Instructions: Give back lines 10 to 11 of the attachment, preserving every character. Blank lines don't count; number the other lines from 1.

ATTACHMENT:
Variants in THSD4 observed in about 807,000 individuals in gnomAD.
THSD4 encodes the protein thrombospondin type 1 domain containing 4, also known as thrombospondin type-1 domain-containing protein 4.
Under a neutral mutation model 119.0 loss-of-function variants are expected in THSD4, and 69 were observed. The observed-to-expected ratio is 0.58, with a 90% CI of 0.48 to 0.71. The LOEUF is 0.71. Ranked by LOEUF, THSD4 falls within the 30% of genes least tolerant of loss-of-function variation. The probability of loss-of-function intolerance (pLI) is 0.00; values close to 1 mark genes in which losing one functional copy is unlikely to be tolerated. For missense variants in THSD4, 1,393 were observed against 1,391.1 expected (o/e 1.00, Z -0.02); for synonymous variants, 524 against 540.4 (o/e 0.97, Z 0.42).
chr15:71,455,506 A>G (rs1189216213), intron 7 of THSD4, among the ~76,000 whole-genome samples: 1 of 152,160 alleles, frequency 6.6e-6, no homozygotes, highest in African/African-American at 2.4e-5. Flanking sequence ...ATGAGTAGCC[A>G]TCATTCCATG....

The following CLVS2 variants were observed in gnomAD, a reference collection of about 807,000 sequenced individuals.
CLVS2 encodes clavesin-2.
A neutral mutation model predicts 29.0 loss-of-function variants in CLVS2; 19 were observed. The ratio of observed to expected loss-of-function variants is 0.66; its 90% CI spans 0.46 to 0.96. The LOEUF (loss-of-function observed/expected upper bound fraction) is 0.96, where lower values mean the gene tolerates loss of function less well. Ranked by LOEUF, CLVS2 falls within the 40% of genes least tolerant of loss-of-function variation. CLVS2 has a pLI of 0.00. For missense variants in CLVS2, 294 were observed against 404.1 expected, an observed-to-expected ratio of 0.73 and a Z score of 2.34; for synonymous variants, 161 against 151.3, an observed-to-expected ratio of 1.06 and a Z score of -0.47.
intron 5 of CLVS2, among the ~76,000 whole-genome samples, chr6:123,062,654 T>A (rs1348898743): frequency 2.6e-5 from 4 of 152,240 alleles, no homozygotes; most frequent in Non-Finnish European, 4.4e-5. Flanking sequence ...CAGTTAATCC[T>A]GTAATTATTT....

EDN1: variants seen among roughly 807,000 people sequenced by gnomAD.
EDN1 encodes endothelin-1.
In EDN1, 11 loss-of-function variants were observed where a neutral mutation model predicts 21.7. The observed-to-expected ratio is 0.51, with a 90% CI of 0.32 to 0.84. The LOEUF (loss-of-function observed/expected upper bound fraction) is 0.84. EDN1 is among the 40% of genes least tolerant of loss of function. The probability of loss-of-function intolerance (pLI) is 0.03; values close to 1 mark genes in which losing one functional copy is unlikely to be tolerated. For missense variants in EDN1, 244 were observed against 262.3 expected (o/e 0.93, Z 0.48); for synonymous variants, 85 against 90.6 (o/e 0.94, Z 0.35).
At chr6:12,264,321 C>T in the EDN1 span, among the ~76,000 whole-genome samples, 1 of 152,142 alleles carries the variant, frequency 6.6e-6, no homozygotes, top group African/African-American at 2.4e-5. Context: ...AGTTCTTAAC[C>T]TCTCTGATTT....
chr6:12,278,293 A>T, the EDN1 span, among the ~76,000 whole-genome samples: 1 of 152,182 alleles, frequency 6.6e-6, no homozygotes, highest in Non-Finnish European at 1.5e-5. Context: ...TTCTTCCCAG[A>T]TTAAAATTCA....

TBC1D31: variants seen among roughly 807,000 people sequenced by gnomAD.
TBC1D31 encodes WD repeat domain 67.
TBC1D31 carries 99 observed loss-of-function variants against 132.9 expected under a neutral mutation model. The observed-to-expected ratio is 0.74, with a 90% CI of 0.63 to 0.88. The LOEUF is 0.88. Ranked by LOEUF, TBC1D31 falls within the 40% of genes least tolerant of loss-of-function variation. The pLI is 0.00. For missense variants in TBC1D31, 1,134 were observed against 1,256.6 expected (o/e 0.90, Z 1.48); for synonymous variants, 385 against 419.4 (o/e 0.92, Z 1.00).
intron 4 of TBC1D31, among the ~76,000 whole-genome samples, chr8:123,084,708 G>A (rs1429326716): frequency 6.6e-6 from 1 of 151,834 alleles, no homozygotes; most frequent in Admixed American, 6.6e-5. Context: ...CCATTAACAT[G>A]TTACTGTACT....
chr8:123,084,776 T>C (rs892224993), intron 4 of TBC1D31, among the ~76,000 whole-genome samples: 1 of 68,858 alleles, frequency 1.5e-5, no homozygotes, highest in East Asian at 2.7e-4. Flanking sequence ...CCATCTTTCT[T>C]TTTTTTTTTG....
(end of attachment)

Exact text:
EDN1 encodes endothelin-1.
In EDN1, 11 loss-of-function variants were observed where a neutral mutation model predicts 21.7. The observed-to-expected ratio is 0.51, with a 90% CI of 0.32 to 0.84. The LOEUF (loss-of-function observed/expected upper bound fraction) is 0.84. EDN1 is among the 40% of genes least tolerant of loss of function. The probability of loss-of-function intolerance (pLI) is 0.03; values close to 1 mark genes in which losing one functional copy is unlikely to be tolerated. For missense variants in EDN1, 244 were observed against 262.3 expected (o/e 0.93, Z 0.48); for synonymous variants, 85 against 90.6 (o/e 0.94, Z 0.35).